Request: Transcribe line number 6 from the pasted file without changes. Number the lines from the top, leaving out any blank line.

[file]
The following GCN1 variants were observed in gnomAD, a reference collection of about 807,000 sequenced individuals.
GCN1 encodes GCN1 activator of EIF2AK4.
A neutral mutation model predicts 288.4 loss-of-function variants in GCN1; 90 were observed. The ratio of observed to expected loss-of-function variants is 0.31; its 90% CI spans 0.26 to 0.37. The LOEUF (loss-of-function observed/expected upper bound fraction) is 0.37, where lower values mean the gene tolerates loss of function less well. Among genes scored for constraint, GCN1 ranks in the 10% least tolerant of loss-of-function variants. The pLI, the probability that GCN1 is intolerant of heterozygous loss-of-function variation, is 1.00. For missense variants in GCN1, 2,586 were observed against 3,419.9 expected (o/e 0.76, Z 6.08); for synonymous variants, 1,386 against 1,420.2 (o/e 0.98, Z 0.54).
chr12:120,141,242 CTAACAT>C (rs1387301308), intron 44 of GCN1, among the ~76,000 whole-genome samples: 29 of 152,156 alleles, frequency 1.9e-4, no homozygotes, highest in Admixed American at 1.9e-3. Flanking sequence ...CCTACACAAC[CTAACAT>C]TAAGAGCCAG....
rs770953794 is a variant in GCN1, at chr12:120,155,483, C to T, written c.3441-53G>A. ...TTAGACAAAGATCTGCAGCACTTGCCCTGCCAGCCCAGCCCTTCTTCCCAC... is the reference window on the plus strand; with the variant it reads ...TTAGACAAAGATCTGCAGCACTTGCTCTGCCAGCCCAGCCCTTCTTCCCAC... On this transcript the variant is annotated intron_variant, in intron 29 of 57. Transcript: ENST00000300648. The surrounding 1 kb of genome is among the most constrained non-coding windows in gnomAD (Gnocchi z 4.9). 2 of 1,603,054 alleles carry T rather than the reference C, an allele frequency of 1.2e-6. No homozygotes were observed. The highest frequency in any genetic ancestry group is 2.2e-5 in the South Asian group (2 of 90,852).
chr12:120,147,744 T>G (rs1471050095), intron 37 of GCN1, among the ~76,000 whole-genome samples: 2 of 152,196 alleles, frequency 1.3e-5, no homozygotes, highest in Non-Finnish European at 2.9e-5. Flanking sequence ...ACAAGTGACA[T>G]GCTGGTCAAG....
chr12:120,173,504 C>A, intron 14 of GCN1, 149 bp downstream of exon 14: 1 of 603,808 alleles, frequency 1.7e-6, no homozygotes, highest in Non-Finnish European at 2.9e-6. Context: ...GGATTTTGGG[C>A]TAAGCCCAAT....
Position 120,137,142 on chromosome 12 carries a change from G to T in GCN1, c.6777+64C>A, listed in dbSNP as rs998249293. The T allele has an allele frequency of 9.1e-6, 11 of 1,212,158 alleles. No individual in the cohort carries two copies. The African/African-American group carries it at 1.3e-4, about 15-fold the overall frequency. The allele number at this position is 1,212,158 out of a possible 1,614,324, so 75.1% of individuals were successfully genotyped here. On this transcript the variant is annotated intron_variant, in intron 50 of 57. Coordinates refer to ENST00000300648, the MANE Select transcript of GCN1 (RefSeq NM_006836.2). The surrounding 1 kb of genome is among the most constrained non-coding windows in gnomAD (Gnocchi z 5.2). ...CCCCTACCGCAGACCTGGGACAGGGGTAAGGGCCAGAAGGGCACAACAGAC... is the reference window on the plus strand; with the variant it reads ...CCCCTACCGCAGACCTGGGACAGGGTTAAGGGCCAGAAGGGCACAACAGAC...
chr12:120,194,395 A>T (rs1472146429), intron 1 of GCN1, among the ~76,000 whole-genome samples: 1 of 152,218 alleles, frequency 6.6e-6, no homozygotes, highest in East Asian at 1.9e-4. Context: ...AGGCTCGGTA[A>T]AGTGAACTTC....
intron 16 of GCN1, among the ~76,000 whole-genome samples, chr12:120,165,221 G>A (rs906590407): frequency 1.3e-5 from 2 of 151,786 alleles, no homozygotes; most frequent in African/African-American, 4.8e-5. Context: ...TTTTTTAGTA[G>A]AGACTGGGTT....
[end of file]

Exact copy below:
chr12:120,147,744 T>G (rs1471050095), intron 37 of GCN1, among the ~76,000 whole-genome samples: 2 of 152,196 alleles, frequency 1.3e-5, no homozygotes, highest in Non-Finnish European at 2.9e-5. Flanking sequence ...ACAAGTGACA[T>G]GCTGGTCAAG....